Kṛṣṇa is also the origin of the Supersoul, as will be revealed in the following chapters, and Arjuna is the tiny little soul who forgets his true nature; therefore it is necessary for him to be enlightened by Kṛṣṇa or His bona fide representative (the spiritual master).

देहिनोऽस्मिन्यथा देहे कौमारं यौवनं जरा ।
तथा देहान्तरप्राप्तिर्धीरस्तत्र न मुह्यति ॥१३॥

dehino ‘smin yathā dehe / kaumāraṁ yauvanaṁ jarā
tathā dehāntara-prāptir / dhīras tatra na muhyati

“Just as the embodied soul continually wanders in this body from childhood to youth and to old age, so also at death it enters another body. The self-realised soul is not confused by such a change.” (BG 2.13)

EXPLANATION: Since every living entity is an individual soul, it changes its body at every moment, sometimes manifesting as a child, sometimes as a youth, and sometimes as an old man. Nevertheless, the same soul is present because it is not subject to change. This individual soul changes body permanently at the time of death and enters another body. Since it will certainly receive another body in the next birth – either material or spiritual – there was no reason for Arjuna to lament death, not even the death of Bhīṣma or Droṇa, about which he was so much concerned. Rather, he should rejoice that they would exchange their old bodies for new ones and thereby renew their energy. Such changes of body, which take place according to our behaviour in life, determine the manifold joys or sufferings of the living being. Since Bhīṣma and Droṇa were noble souls, they would certainly receive either spiritual bodies in their next life or at least a life in celestial bodies in which a higher enjoyment of material existence would be possible. So in both cases there was no reason to complain.

Any person who has perfect knowledge of the constitution of the individual soul, the Supersoul and the material as well as the spiritual nature is called a dhīra (a most prudent person). Such a person is never misled by the change of bodies. The Māyāvādī theory, according to which there is only one soul, cannot be justified on the grounds that the soul cannot be divided into fragmentary parts and that such division into different individual souls would make the Supreme divisible and changeable, which would contradict the principle that the Supreme Soul is immutable.

As confirmed in the Gītā, the fragmental parts of the Supreme exist eternally (sanātana) and are called kṣara, which means that they have the tendency to fall down into material nature. These fragmental parts are eternally so, and even after liberation the individual soul remains the same fragmental part. But once liberated, it lives an eternal life of bliss and knowledge together with the Supreme Personal Godhead. Using the example of reflection, one can understand the Supersoul, which is present as Paramātmā – different from the individual living entity – in every single individual body. When the night sky is reflected in the water, both the moon and the stars can be seen in the reflection. The stars can be compared to the living beings and the moon to the Supreme Lord. The individual, fragmental soul is represented by Arjuna, and the Supreme Soul is represented by Śrī Kṛṣṇa, the Supreme Personal Godhead. As it becomes clear at the beginning of the Fourth Chapter, they are not on the same level. If Arjuna were on the same level as Kṛṣṇa and Kṛṣṇa were not above Arjuna, their relationship as teacher and disciple would lose its significance. If they were both misled by the illusory energy (māyā), there would be no need for one to be the teacher and the other the disciple. Such teachings would be useless, since no one who is in the power of māyā can be an authoritative teacher. Here it is explained that Lord Kṛṣṇa, the Supreme Lord, is in a higher position than the living entity Arjuna, an illusioned soul misled by māyā.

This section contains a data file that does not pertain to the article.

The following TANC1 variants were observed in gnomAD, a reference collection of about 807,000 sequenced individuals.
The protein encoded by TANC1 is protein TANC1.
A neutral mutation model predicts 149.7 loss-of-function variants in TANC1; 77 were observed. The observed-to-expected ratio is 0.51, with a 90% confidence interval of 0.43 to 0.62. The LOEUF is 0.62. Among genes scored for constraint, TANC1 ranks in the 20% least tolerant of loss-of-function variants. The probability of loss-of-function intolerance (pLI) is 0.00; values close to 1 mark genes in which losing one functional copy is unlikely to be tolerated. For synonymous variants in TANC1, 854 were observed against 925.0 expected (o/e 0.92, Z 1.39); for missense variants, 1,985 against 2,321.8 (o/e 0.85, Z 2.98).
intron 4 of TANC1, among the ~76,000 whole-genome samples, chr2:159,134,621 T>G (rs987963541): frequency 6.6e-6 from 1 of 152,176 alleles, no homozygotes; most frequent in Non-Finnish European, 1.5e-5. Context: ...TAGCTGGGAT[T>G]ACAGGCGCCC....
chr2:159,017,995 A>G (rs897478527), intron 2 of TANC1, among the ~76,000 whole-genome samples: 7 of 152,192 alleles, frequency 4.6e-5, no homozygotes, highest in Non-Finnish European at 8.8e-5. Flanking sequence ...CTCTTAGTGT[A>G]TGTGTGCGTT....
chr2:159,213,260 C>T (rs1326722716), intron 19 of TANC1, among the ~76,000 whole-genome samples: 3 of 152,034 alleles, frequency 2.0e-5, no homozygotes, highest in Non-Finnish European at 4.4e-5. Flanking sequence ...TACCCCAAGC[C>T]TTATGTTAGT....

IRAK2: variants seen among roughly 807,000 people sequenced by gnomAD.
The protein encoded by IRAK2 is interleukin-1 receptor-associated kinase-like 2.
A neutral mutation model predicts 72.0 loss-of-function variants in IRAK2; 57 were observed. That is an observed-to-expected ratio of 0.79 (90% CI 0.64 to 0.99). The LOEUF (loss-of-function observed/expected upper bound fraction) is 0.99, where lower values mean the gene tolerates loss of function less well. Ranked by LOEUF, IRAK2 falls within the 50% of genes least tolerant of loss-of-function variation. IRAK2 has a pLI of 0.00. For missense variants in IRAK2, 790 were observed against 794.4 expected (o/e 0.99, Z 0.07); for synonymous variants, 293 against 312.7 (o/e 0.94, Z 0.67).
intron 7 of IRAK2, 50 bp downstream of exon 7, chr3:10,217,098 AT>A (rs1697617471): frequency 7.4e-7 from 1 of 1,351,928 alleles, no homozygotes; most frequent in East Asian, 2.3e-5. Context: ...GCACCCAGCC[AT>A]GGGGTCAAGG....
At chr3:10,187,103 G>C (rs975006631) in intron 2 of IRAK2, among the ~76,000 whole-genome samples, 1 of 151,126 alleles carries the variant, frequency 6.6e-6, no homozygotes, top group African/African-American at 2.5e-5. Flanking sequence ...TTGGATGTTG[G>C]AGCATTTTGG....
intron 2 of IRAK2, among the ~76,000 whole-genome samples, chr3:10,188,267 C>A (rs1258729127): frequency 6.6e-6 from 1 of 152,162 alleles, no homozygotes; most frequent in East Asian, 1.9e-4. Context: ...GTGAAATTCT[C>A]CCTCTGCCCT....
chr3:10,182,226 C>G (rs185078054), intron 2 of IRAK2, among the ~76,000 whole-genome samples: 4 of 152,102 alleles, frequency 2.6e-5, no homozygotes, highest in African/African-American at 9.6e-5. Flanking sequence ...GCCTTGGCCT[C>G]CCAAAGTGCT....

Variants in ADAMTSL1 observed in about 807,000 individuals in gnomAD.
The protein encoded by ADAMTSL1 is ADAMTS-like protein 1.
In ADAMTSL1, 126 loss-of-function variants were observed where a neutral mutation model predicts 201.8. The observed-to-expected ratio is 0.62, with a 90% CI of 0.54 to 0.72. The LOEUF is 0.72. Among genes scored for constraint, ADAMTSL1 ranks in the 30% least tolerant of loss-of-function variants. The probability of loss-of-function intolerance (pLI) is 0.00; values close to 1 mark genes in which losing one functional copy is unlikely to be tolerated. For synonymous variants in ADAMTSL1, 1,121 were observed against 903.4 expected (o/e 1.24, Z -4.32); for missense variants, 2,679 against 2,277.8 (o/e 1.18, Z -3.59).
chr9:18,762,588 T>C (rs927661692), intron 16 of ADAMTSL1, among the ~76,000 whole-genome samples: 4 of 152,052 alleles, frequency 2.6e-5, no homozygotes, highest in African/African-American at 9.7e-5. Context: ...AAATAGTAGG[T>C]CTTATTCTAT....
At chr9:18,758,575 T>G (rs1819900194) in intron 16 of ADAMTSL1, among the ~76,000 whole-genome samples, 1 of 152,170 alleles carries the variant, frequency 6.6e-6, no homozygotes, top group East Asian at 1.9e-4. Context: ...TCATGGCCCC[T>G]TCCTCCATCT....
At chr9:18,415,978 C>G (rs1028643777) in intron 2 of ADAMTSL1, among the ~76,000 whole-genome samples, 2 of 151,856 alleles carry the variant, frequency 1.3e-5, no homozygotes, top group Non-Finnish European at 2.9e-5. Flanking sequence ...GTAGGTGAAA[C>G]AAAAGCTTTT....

अविनाशि तु तद्विद्धि येन सर्वमिदं तततम् ।
विनाशमव्ययस्यास्य न कश्चित्कर्तुमर्हति ॥१७॥

avināśi tu tad viddhi / yena sarvam idaṁ tatam
vināśam avyayasyāsya / na kaścit kartum arhati

“Know, that which pervades the entire body is indestructible. No one can kill the imperishable soul.” (BG 2.17)